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Amira McLaughlin

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Change Can Be Stressful – Find Time To Relax

Photo by Akil Mazumder on Pexels.com

You know that change can cause stress, even when something good has caused the disruption. I’ve told you about the benefits of change and how it can make your life better. We’ve also touched upon ways to use times of transition to your advantage and to better manage upheaval. Now I’d like to move onto something a little more enjoyable, and that’s relaxation. During times of intense emotional overload, your body and mind need self-care more than ever. It’s crucial that you find time to relax, and I’m going to help you to do just that. 

Impact of Stress

Stress can affect both your body and your mind. A rush of hormones, including cortisol and norepinephrine, is triggered when you’re stressed or scared. This physiological response has long been in place throughout human history. While the causes may have changed, the results remain the same. Blood pressure rises, heart rate increases and digestion stops. This is known as the fight or flight response. I’m sure you’ve heard of it. While these bodily reactions can be useful during short periods of stress in order to move you forward and get you out of harm’s way, they are incredibly detrimental to your physical and mental health when they remain over long periods, such as in times of prolonged stress. 

Signs of Stress

Visibly, you have automatic responses such as clenched jaw, balled fists or headaches. You may experience difficulties with sleep, sore muscles, depression, anxiety and trouble focusing. There are a whole host of symptoms that occur when your body’s physiological response to stress kicks into high gear. Your immune system is lowered by constant pressure, and you may find yourself sick more often than you used to be. You may even notice such physical symptoms as hair loss, urinary tract infections and heartburn.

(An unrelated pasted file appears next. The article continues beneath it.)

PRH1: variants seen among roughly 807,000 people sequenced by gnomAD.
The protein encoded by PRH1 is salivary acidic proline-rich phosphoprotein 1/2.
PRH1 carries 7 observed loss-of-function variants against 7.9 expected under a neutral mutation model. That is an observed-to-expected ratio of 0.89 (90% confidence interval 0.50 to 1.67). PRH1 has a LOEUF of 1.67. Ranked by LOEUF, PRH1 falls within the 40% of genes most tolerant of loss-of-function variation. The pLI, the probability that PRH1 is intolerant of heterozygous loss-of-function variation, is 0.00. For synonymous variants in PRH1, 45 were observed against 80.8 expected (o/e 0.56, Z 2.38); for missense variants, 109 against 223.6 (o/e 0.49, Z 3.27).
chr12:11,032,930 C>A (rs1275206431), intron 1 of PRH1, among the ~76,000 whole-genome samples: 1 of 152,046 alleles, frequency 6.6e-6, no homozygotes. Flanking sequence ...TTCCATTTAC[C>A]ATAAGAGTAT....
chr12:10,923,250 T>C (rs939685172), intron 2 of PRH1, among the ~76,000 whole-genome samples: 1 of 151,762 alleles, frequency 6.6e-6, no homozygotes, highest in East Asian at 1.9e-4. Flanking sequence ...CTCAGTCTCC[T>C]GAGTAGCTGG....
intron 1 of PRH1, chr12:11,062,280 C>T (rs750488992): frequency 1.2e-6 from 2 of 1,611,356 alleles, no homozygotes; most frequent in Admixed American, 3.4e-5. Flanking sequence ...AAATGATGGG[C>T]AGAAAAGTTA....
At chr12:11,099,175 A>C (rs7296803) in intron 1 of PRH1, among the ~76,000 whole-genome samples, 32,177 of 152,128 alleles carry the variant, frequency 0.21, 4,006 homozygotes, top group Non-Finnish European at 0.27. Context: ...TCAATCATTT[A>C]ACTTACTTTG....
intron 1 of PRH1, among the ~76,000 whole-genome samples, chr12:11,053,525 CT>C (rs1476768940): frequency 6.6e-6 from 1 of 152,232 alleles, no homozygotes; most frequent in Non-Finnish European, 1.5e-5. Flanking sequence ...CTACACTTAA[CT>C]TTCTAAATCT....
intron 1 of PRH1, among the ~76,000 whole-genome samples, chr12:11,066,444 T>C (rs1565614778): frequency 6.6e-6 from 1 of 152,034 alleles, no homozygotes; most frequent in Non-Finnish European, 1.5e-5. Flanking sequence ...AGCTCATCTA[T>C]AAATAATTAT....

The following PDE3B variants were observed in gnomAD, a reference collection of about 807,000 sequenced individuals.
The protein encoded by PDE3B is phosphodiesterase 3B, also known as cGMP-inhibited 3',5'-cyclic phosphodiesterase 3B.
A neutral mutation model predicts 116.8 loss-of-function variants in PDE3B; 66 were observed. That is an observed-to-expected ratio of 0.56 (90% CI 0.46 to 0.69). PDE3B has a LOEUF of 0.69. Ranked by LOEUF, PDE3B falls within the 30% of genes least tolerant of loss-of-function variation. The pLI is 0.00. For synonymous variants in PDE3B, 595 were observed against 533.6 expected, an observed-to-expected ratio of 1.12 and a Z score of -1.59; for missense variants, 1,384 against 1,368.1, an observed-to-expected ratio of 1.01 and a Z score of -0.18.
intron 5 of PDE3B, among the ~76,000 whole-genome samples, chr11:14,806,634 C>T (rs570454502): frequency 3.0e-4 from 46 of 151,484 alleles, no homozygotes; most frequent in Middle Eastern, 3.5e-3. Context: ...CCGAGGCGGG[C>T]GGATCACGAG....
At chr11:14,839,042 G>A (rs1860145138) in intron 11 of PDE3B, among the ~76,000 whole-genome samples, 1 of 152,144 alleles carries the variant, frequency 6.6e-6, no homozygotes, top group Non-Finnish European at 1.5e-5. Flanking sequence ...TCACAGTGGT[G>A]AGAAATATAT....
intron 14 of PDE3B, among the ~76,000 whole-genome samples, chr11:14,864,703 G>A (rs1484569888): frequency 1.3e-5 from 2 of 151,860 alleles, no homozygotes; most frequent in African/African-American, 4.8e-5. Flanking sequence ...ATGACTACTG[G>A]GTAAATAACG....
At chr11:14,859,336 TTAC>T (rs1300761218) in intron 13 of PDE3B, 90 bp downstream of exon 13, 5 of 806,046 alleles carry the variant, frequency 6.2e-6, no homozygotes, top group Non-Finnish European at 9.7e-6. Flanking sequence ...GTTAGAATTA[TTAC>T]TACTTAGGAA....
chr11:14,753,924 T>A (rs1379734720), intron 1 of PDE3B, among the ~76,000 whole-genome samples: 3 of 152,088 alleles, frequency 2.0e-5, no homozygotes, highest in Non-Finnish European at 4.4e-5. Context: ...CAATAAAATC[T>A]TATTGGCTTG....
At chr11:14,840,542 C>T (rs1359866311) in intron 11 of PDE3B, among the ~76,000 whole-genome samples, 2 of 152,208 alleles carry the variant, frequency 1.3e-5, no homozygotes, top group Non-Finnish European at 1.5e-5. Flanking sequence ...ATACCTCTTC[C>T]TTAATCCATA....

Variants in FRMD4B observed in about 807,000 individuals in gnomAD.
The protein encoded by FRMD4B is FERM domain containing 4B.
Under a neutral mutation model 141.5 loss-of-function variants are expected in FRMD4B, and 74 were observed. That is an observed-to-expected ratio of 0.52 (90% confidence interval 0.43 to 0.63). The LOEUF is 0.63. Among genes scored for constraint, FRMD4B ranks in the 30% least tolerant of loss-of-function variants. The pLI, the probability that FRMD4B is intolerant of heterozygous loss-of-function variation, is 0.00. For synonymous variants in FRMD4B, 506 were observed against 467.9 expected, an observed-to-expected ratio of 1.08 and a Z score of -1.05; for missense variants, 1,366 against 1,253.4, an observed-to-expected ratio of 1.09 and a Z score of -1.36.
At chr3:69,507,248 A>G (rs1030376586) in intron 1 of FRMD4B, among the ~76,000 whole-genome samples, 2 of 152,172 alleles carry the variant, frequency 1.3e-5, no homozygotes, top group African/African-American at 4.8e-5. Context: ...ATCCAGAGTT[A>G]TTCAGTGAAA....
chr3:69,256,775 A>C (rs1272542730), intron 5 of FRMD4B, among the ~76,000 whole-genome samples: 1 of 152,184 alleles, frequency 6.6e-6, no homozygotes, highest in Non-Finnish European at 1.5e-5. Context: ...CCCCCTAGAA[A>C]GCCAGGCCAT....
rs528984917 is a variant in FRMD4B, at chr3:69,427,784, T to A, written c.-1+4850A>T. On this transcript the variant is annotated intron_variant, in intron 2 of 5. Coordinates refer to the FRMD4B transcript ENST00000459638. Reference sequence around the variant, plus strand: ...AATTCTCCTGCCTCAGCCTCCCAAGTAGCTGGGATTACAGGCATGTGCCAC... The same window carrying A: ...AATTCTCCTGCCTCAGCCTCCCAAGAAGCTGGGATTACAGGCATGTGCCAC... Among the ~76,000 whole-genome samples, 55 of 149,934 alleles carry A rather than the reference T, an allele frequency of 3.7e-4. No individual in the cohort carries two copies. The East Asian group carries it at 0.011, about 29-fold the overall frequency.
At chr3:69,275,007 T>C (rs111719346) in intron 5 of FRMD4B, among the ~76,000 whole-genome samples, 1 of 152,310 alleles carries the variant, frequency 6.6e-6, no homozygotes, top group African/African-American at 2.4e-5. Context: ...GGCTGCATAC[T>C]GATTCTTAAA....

Managing Stress

The way you manage chronic stress is what matters. Shortening your exposure to the worry is your ultimate goal. The strategies we’ve previously covered will help you in that area. What I want to offer you now is a more immediate way of helping to ease the symptoms related to your tension. It really is all about self-care. So, first and foremost, take the suggestions that are most appealing to you and start with them first. On that note, give these strategies a try when you’re feeling nervous:

  • A warm bath
  • Meditation
  • Focused breathing
  • Soothing music
  • Time with friends
  • Progressive muscle relaxation
  • Yoga
  • Warm beverage
  • Read
  • Massage
  • Journal
  • TV show or movie break
  • Nature hike
  • Workout
  • Dance
  • Prepare healthy meals
  • Take a short trip.

Add any activities to this list that are particularly appealing to your soul. Anything that helps you to feel at peace and is enjoyable counts. 

What’s most important is that you proactively set aside time to engage in your relaxation activity of choice. Even a short break for your favorite television show can rejuvenate you and help to slow down the negative effects of stress. Give some of your favorites a try and see just how much easier it is to deal with difficulties in times of upheaval. 

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